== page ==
Globalization

Japanese McDonald’s sign, 1975

In 1971 McDonald’s expanded to Japan. Some people worried that American brands endangered local traditions. Others argued that successful brands adapted to local culture.

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In a globalized economy, innovative ideas as well as products flowed easily across national borders. Businesses became dispersed, as decision-making, financing, design, labor, production, and marketing spread to many locations. Global trade improved opportunity for many, was disastrous for some, and challenged local cultures and customs.

Coca-Cola can, 1999

Coca-Cola is the world’s most recognized brand. Some drank it to be hip; others rejected it as American imperialism; many just liked the taste.

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Cola Turka can, 2012

In 2003, Turkish food manufacturer Ülker introduced Cola Turka, challenging Coca-Cola’s 57 percent share of the Turkish drink market with a message of “positive nationalism.”

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Glass paperweight, 2001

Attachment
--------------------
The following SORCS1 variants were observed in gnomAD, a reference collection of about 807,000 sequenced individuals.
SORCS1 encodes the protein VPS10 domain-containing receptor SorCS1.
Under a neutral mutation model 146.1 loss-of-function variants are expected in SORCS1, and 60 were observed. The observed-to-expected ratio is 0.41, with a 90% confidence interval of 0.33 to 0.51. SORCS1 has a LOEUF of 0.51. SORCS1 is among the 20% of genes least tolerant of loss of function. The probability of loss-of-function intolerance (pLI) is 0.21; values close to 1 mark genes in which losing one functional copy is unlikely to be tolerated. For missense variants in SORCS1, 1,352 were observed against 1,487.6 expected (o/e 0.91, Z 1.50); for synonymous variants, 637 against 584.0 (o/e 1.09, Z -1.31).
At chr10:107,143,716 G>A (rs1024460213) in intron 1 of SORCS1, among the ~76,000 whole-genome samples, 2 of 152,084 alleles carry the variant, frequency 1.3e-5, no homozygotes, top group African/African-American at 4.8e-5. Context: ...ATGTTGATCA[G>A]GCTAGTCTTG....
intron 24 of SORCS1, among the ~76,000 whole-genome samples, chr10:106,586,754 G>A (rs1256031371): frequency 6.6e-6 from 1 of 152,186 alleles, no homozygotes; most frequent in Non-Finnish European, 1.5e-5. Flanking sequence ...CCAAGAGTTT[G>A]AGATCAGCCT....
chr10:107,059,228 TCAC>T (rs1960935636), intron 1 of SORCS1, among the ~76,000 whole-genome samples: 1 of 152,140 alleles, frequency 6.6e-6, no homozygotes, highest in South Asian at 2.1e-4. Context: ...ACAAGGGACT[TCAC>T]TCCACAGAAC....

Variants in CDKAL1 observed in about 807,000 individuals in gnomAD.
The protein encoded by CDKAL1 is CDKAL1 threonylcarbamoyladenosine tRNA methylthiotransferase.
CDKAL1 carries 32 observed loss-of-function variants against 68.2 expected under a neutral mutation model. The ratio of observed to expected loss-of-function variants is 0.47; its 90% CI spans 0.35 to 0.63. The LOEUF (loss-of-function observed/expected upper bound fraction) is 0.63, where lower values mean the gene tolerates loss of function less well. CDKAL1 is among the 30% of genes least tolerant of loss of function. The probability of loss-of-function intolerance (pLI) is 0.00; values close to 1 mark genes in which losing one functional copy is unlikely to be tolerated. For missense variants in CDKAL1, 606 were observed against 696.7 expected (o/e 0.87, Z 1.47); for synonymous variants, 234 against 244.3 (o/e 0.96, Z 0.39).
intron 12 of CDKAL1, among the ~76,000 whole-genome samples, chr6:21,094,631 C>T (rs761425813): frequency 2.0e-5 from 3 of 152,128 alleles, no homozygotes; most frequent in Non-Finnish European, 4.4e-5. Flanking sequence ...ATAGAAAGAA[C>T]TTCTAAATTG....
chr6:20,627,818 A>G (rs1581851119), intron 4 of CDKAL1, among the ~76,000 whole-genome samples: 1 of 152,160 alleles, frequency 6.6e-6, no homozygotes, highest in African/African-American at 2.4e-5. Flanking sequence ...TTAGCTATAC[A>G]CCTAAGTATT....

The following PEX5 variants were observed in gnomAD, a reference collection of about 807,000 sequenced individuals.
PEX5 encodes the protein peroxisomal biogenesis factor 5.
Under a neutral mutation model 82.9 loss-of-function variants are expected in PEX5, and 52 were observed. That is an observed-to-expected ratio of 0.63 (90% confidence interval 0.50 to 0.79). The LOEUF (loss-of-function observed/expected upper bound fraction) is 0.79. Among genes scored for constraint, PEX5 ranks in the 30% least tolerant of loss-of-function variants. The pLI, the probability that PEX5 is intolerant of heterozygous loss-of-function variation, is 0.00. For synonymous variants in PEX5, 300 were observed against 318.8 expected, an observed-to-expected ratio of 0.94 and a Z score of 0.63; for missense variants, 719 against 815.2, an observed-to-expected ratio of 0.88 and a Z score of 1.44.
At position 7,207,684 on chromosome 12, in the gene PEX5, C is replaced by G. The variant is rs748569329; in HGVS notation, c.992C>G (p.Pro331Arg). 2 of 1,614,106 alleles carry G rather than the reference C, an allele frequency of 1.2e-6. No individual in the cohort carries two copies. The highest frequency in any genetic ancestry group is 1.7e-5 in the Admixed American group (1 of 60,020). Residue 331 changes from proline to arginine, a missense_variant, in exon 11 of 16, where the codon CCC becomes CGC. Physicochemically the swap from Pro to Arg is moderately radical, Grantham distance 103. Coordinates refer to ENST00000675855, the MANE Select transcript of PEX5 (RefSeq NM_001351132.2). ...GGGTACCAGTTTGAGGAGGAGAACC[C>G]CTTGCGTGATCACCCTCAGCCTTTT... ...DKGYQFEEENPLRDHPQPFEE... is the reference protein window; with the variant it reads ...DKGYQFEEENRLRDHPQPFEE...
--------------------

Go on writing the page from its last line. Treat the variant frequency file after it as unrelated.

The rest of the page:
Knickknacks remind senior managers to “think globally.” This paperweight, recovered from the debris of the World Trade Center, is a symbol of globalization gone wrong.

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Autoworker’s handmade book, about 1989

Fearing Japanese gains in automobile sales, GM joined Toyota in a California joint venture names NUMMI. GM executives learned and imported Japanese management techniques, including teamwork and worker-led improvement.

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Autoworker’s hat, about 1989

Autoworker’s hat, about 1989

Radio Shack calculator, early 1980s

Consumers had trouble identifying where products were made during the Global Era. Designed in one country, components and sub-assemblies were manufactured in numerous countries.

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Screenshot of the Global Era digital labels interactive displayWould you like to learn even more about these objects and other related stories? Click on the screenshot above to open an interactive display in a new window.